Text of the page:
The government has published a new Life Sciences Vision strategy which sets out its agenda for the sector over the next ten years. At the forefront of the document is a mission to boost research into dementia and promote the earlier diagnosis and treatment of cancer. The strategy promises to build on the successes of the UK’s response to Covid-19.
The plan was co-developed with businesses and industry experts to set out a healthcare framework which will focus on the prevention, early diagnosis, and monitoring of disease in the early stages. Research and development into new drugs, diagnostics, and medical technology will be prioritised, so they can be rolled out within shorter timescales.
The strategy has been welcomed by leaders in the life sciences industry, Pharma Phorum reports. The BioIndustry Association (BIA) and the Association of the British Pharmaceutical Industry (ABPI) both collaborated with the government to draw up the document.
ABPI chief executive Richard Torbett said it is an “ambitious…blueprint for how the UK can become a global hub for life sciences and, in turn, a science superpower.”
A recent BIA revealed that the UK’s biotech companies now rank third in the world, after US hubs in Massachusetts and San Francisco. The UK industry attracted almost £1.6bn in financing between March and the end of May. The government is also launching a £200m Life Sciences Investment programme, which is set to attract £400m in private capital.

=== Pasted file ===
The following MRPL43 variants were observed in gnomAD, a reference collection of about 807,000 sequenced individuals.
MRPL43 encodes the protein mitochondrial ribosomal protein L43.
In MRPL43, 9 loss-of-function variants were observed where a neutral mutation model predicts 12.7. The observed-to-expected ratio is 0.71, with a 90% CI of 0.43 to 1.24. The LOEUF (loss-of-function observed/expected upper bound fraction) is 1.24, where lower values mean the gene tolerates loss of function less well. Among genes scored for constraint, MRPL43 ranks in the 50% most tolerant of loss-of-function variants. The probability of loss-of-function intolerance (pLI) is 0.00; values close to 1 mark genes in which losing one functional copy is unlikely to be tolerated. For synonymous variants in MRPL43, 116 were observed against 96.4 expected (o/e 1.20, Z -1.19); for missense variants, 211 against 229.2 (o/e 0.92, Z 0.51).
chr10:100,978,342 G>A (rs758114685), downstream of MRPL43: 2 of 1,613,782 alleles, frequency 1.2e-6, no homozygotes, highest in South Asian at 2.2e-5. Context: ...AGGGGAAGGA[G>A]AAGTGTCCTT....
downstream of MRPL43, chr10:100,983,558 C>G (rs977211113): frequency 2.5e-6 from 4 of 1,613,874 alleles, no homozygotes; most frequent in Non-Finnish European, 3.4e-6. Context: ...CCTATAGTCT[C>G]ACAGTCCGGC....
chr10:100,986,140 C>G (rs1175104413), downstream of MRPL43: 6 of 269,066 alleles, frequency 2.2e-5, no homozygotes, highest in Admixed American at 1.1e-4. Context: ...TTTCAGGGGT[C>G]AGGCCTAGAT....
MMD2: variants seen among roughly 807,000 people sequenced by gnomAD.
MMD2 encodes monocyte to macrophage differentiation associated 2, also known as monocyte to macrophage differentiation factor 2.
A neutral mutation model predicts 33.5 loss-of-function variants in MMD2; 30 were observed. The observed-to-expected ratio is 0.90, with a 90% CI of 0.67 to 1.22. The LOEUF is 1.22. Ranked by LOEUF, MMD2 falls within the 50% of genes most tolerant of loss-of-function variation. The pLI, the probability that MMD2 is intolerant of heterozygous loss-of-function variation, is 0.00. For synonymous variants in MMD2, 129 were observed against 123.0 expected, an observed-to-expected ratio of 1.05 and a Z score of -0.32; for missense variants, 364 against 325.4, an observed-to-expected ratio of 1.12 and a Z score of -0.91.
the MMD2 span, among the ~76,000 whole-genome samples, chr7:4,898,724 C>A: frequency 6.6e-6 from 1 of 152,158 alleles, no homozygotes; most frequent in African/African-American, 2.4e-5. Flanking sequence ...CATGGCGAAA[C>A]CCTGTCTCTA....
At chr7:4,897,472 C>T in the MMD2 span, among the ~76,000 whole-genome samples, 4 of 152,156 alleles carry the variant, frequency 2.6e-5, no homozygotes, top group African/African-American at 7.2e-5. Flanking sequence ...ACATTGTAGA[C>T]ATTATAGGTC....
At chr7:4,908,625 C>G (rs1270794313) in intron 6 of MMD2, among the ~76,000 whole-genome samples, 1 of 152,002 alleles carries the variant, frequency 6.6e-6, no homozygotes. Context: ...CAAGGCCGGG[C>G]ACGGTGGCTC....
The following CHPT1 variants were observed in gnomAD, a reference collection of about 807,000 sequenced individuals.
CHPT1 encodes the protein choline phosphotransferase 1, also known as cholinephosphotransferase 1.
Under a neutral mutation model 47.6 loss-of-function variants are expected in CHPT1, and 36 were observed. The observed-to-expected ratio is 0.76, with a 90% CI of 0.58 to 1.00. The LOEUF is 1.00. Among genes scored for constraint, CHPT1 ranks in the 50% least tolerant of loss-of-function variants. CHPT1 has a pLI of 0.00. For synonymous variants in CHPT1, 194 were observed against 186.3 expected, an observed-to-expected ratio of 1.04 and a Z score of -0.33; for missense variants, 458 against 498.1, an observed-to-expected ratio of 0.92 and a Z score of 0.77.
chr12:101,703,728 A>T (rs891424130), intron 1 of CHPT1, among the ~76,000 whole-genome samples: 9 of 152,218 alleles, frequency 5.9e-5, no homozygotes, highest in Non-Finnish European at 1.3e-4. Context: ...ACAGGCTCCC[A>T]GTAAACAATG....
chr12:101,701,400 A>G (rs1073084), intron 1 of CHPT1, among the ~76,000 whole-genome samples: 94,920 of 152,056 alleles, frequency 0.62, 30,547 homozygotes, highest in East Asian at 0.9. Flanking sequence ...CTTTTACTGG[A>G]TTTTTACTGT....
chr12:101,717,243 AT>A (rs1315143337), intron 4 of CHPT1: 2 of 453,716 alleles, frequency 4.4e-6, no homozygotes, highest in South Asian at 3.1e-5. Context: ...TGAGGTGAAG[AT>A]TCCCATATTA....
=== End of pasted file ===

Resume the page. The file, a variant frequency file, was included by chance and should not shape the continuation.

Prime Minister Boris Johnson said: “We are indebted to the ingenuity of UK life sciences and its pioneers, with the discovery of the Oxford-AstraZeneca vaccine and the seamless collaboration between our scientists, industry, regulators and NHS saving millions of lives during the pandemic.”
Johnson added: “We must make sure this is the norm and use this new way of working to search for life-changing breakthroughs against diseases such as cancer, dementia and obesity, as we have done with COVID.”
Besides forefronting the fight against cancer and dementia, the strategy will sustain the momentum in vaccine discovery, development, and manufacturing. It will also focus on the treatment and prevention of cardiovascular disease and target major risk factors such as obesity, and reducing the mortality rates from respiratory diseases.
Furthermore, the blueprint seeks to address the underlying biology of aging, and increase the understanding of mental health conditions.
The government has also outlined the ways it intends to support industry to achieve these aims. It has set out a plan to simplify the governance and oversight of NHS health data, promote the role of the NHS as an innovation partner, and boost spending on research and development. It will also seek to broaden the ways UK companies can access finance.
The blueprint has also proposed the creation of a Life Science Scale Up Taskforce, which will identify and work to overcome issues which are obstructing further development in the sector. With health and science high on the agenda, the UK is fast becoming a Life Sciences superpower, with clear ambitions for the future.
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